Rover's Reunion -- A page one story generated from a press release

Katrina victim is reunited with his lost dog at Humane Society

By Michelle Munz

Tuesday, 10/4/2005

Page: A1

After Hurricane Katrina struck, the U.S. Coast Guard plucked Bobby Alberti, 59, and his dog Rover from a roof and took them to higher ground at the University of New Orleans.

Helicopters were on their way to the campus to fly people to Interstate 10, where buses would take them to shelters with food and medical care.

But dogs had to stay behind.

Alberti -- a small, thin man with fair skin and gray eyes -- would be among the first to go because of his age. He left Rover with a younger man who also had a dog, and they exchanged phone numbers, vowing to find where their dogs ended up.

Alberti had no idea the search would lead him to St. Louis, where the Humane Society of Missouri would end the quest.

But on the day he had to leave Rover in New Orleans, Alberti, who doesn't express emotion easily, was broken up.

Tears ran down his cheeks. He gave his mostly black Labrador Dalmatian mix a quick pat on the head. And while Rover was preoccupied with another dog, he quickly disappeared around a corner. He couldn't bear to look at him.

On the helicopter, guilt filled him. "Look what you did," Alberti recalled telling himself. "You gave up that dog."

For the last seven years, Rover had followed him wherever he went. The dog never left his side. Now, Alberti had betrayed his friend.

Like a family member

Growing up in New Orleans, Alberti always had a dog. They kept him company. Alberti's dad died when he was 12. His four brothers and sisters grew up and moved out. Alberti never married and lived with his mother until she died in 2003 at the age of 82.

For a while he tried to go without having a dog, but it didn't last. He didn't like being by himself.

Alberti got Rover for free through a newspaper advertisement. The dog grew up sitting by Alberti's recliner at night watching "Seinfeld" and "Everybody Loves Raymond."

Rover learned to wake his owner at 5 a.m. for work. He looked forward to weekend walks, and he was there for Alberti when his mom died. Rover filled the quiet moments that Alberti hated.

In late August, with Katrina approaching, Alberti's brother offered to take him to LaFayette, La. Alberti refused; he never left for hurricanes. His brother dropped off a life jacket.

That jacket may have saved Alberti's life as the floodwaters rose and filled his house. He never learned to swim. Yet he was able to get his two neighbors out of their houses, get a ladder and help them onto a nearby flat roof. All the while, an exhausted Rover insisted on paddling through the floodwaters beside Alberti.

Alberti couldn't get Rover up the ladder, so he hoisted the 80-pound dog on top of a broken piece of wooden fence. Rover floated on the debris while Alberti held onto his leash.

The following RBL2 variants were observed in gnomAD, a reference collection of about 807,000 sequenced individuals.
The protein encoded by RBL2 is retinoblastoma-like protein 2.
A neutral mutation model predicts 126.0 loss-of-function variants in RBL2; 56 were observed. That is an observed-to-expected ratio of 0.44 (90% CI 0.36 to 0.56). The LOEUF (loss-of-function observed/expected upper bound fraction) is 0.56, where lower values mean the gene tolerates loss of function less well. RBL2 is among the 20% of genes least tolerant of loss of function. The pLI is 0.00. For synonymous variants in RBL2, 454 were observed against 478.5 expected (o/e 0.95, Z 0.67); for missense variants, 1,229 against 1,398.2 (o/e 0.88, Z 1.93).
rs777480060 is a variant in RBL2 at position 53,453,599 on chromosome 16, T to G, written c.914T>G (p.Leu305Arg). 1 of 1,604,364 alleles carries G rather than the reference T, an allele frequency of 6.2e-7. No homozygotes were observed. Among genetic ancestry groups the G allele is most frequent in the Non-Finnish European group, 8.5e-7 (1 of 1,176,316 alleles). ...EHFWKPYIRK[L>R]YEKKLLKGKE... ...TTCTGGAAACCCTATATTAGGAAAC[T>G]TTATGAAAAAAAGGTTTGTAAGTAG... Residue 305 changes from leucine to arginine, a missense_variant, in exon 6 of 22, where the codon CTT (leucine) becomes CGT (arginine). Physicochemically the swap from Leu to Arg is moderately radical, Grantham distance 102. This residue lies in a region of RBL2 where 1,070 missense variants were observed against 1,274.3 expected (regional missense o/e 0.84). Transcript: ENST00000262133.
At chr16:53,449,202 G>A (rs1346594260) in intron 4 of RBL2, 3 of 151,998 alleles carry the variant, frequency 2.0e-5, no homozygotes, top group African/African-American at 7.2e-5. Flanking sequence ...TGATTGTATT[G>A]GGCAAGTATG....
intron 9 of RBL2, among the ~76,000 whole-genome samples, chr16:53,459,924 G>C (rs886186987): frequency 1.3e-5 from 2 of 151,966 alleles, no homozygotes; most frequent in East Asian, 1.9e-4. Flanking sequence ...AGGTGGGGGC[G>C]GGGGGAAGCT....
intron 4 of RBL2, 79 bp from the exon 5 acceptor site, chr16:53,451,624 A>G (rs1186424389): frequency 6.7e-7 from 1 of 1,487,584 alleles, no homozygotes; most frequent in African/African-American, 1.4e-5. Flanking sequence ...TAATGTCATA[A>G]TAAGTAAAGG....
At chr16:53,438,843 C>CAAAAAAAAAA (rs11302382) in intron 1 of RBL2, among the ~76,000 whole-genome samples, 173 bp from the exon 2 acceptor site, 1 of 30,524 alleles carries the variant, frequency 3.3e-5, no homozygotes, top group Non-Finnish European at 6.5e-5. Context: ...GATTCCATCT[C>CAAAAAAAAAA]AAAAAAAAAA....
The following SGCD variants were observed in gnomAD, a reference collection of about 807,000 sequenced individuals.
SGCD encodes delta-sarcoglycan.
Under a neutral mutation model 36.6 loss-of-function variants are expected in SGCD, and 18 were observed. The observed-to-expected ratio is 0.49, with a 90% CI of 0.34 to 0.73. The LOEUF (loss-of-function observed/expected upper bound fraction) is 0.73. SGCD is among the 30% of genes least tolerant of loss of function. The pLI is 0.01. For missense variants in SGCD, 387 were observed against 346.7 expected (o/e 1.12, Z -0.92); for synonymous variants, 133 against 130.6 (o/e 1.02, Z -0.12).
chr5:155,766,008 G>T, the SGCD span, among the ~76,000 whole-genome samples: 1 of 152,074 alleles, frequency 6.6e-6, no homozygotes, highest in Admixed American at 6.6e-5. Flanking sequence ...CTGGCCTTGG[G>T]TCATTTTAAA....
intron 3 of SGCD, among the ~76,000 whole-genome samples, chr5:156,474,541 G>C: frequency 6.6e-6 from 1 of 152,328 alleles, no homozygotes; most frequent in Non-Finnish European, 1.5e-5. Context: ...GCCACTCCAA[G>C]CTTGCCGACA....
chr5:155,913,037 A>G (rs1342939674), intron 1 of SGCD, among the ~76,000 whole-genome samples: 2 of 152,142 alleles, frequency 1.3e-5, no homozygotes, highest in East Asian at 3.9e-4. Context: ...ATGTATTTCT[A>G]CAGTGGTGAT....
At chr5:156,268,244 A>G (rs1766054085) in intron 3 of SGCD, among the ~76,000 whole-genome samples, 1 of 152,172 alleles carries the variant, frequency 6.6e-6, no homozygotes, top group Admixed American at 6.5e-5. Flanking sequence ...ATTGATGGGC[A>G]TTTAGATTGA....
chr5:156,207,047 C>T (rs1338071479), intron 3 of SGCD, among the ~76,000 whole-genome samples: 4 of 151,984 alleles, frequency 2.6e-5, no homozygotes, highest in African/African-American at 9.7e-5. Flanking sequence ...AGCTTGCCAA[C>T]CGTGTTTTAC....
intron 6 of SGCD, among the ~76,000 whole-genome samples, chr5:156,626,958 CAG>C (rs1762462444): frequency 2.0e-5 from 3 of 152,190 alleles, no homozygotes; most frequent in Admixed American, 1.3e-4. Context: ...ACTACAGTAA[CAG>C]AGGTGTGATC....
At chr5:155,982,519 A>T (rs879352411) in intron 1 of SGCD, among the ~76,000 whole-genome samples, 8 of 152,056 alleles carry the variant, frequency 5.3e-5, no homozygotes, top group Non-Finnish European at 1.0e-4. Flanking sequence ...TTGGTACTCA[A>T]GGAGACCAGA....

About a half-hour later, the Coast Guard arrived. Alberti refused to leave without Rover, and the crew agreed to take the dog.

During the two days at the University of New Orleans campus, there was no working water and little food and drink. What Alberti had, even cookies and fruit drinks, he shared with Rover.

After the tearful parting with his dog, Alberti was taken to a shelter in Houma, La. He stayed there two days until making his way to the Houston area, where two of his sisters live.

"That's my dog"

Despite having his family around him, Alberti often sat alone on the front porch and went on long walks.

"I don't care about the house. I don't care about anything," he told
his sisters. "I just want my dog."

Fran Alberti, Bobby's younger sister, spent hours searching through pictures and descriptions of missing dogs on the Internet. She took him on a seven-hour drive to Gonzales, La., where an equestrian center had been turned into a staging area for rescued animals. They looked for Rover's face among the hundreds of dogs, with no luck.

Fran didn't give up and kept searching the Internet.

Finally, she came across a possible match and yelled for her brotherg to come look at the picture. Alberti could tell it was Rover by the tiny black spot on his white chest. They learned he had been rescued on Sept. 21 near the university campus.

Fran asked Bobby if he was sure the dog was Rover.

"I oughtta know my own dog," he shot back. "That's my dog."

So they made the trip again to Gonzales, where Rover was reported to be. But again, no luck. A volunteer, noticing the Albertis were frustrated, started making calls. Within a few hours -- matching ID numbers rescued dogs had been given -- she learned that the Humane Society of Missouri had Rover in St. Louis.

A team from Missouri had been in the New Orleans area for 25 days and rescued more than 1,000 animals. On Sept. 24, the team was allowed to take 45 dogs back to St. Louis to relieve the crowding at the Gonzales shelter.

After learning they had Rover, Humane Society employees arranged for airfare and a hotel room at the Sheraton Inn in Clayton for Alberti and his sister.

The Albertis arrived Sunday and drove straight to the shelter on Macklind Avenue in St. Louis. They were led to a room as an employee went to get the dog.

Rover walked in the room and jumped on his owner, knocking him against the wall and licking his face.

Alberti managed to hold back his tears this time.

"Oh, I got you back," he said over Rover's excited panting. "I never thought I would get you back."

On Monday, the Albertis headed to the Humane Society again, where a tearful staff threw a party for the Albertis and Rover complete with cake, balloons and news reporters. Alberti seemed uncomfortable with it all.

"I just want my dog."